The third to last standout track is perhaps their most well-known song next to “My Cat”. “Strawberry Gashes” is a slow and grungy song. A beautiful and personal song that could have been a radio hit, but never garnered the fame it could achieve. There’s immense speculation about what this song is about, but the most agreed upon theory is that it is about Jessika’s rape from Twiggy, and the “gashes “are her scars from cutting herself or imagined scars from being “used”. Now let me intercede here and say that the meaning of the song that the songwriter intended is NOT important to the song itself and your ability to enjoy it. Whatever the songwriter intended is only for their own sake, and if they wish to make a message be heard loud and clear, they need to make the lyrics so clear that it cannot be up for debate. “Strawberry Gashes” lyrics are fairly vague, and Jessika never commented on the exact meaning behind the name. So, with that in mind, we can only sit and enjoy the song as an incredibly moving and heavy piece of riot-grrll/ grunge music.

Flowing right in from “Strawberry Gashes” is “Author Unknown”, the most angry song on this album. Channeling the vibe on their previous album, much of this song is screamed, as a musical middle finger to whomever Jessika intended this track to be about. This lyrics make it very clear that she is pissed. “no forgiveness you’re no martyr, sell yourself, make it true, there’s no price tag on my conscience, here’s your answer, it’s still f*ck you!” This is that song on the album intended as a mosh pit opener, and it achieves that with flying colors.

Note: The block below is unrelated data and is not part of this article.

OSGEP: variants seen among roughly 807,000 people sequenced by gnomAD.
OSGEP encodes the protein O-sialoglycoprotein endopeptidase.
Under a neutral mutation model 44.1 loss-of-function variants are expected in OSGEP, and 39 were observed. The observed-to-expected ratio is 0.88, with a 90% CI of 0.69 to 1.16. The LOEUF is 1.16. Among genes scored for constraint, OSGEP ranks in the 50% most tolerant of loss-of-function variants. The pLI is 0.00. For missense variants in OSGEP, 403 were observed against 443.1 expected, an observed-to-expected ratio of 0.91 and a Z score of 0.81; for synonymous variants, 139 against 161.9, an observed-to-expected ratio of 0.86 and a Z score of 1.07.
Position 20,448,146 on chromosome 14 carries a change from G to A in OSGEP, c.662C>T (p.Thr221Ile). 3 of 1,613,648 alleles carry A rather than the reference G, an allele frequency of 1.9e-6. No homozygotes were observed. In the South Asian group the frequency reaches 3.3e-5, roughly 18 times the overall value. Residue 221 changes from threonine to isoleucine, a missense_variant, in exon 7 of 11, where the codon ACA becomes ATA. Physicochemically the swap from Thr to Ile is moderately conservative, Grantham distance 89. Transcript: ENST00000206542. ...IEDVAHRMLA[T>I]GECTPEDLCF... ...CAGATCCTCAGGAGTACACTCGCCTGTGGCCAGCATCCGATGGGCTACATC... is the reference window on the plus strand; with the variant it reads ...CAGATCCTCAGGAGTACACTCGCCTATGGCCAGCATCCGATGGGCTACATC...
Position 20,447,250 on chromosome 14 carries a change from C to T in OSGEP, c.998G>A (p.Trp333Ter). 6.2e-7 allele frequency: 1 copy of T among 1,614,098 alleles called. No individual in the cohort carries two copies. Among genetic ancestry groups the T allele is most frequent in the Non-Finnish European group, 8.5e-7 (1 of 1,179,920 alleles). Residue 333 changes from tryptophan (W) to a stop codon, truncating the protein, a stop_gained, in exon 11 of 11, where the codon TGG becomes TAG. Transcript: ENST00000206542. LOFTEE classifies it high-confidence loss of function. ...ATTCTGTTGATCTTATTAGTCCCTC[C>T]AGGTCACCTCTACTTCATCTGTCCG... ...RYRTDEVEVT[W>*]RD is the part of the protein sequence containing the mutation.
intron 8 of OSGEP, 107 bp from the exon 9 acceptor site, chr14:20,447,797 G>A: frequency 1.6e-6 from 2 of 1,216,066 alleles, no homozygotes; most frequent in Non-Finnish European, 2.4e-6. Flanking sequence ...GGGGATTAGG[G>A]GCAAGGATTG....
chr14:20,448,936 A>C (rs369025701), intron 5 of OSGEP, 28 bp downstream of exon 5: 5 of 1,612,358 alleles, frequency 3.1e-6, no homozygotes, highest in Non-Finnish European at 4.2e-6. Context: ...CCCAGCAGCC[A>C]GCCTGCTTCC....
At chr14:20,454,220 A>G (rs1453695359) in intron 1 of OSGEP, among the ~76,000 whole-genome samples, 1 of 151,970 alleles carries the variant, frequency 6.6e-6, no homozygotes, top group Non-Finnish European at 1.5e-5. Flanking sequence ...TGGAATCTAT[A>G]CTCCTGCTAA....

Finally reaching the final standout track, and coincidently it’s the title track. “Clear Hearts Grey Flowers” is another angry song, but builds up with a slow chant, eventually leading to the lines screamed like shouts from hell from Jessika “I’m not the girl that stopped and stared, I’m not the girl that lied, Your mouth is like an open sore, Where kisses rot and die, This is what you want this is what you get, This is what you want this is what you get.”

This album is a snapshot at a time the band’s career when they had nothing to lose. They hated each other by this point, and they didn’t have much money left to spend on the studio time to make this album. Their producer, Chris Vrenna, is a genius; he has to be because he didn’t have much to work with, but made this album sound sonically incredible. Each instrument stands out, with the perfect amount of polish and fuzz to make it pack a massive punch but not sound like debut Wavves level of bad. Think “Blue Album” Weezer production with a tad more treble on the guitars. It’s an angry and in-your-damn-face album, a good fifteen tracks of Jessika venting her frustrations backed with slick songwriting and perfect production.

Until the next review, take care.

 

Written by Anthony Messina.